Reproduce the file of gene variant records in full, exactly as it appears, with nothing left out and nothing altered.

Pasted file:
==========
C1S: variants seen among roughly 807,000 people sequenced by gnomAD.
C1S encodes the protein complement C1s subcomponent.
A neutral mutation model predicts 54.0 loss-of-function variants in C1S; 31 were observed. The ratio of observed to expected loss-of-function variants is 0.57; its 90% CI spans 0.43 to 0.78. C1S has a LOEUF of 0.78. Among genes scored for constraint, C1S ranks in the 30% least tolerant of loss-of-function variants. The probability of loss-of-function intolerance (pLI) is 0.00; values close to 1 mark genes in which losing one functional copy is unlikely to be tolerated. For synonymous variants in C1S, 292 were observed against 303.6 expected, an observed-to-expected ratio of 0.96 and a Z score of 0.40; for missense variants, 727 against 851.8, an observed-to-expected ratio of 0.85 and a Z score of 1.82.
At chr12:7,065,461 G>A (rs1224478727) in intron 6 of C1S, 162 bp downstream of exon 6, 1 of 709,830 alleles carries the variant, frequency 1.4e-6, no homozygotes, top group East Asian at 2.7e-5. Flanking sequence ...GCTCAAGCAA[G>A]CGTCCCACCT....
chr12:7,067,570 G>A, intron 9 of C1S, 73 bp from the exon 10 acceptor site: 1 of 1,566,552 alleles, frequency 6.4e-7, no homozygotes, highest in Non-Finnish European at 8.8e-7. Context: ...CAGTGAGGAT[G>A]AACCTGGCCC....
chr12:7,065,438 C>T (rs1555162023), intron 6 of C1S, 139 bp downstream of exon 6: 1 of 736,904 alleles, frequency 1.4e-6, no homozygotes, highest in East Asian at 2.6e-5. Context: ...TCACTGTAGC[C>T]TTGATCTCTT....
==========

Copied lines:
C1S: variants seen among roughly 807,000 people sequenced by gnomAD.
C1S encodes the protein complement C1s subcomponent.
A neutral mutation model predicts 54.0 loss-of-function variants in C1S; 31 were observed. The ratio of observed to expected loss-of-function variants is 0.57; its 90% CI spans 0.43 to 0.78. C1S has a LOEUF of 0.78. Among genes scored for constraint, C1S ranks in the 30% least tolerant of loss-of-function variants. The probability of loss-of-function intolerance (pLI) is 0.00; values close to 1 mark genes in which losing one functional copy is unlikely to be tolerated. For synonymous variants in C1S, 292 were observed against 303.6 expected, an observed-to-expected ratio of 0.96 and a Z score of 0.40; for missense variants, 727 against 851.8, an observed-to-expected ratio of 0.85 and a Z score of 1.82.
At chr12:7,065,461 G>A (rs1224478727) in intron 6 of C1S, 162 bp downstream of exon 6, 1 of 709,830 alleles carries the variant, frequency 1.4e-6, no homozygotes, top group East Asian at 2.7e-5. Flanking sequence ...GCTCAAGCAA[G>A]CGTCCCACCT....
chr12:7,067,570 G>A, intron 9 of C1S, 73 bp from the exon 10 acceptor site: 1 of 1,566,552 alleles, frequency 6.4e-7, no homozygotes, highest in Non-Finnish European at 8.8e-7. Context: ...CAGTGAGGAT[G>A]AACCTGGCCC....
chr12:7,065,438 C>T (rs1555162023), intron 6 of C1S, 139 bp downstream of exon 6: 1 of 736,904 alleles, frequency 1.4e-6, no homozygotes, highest in East Asian at 2.6e-5. Context: ...TCACTGTAGC[C>T]TTGATCTCTT....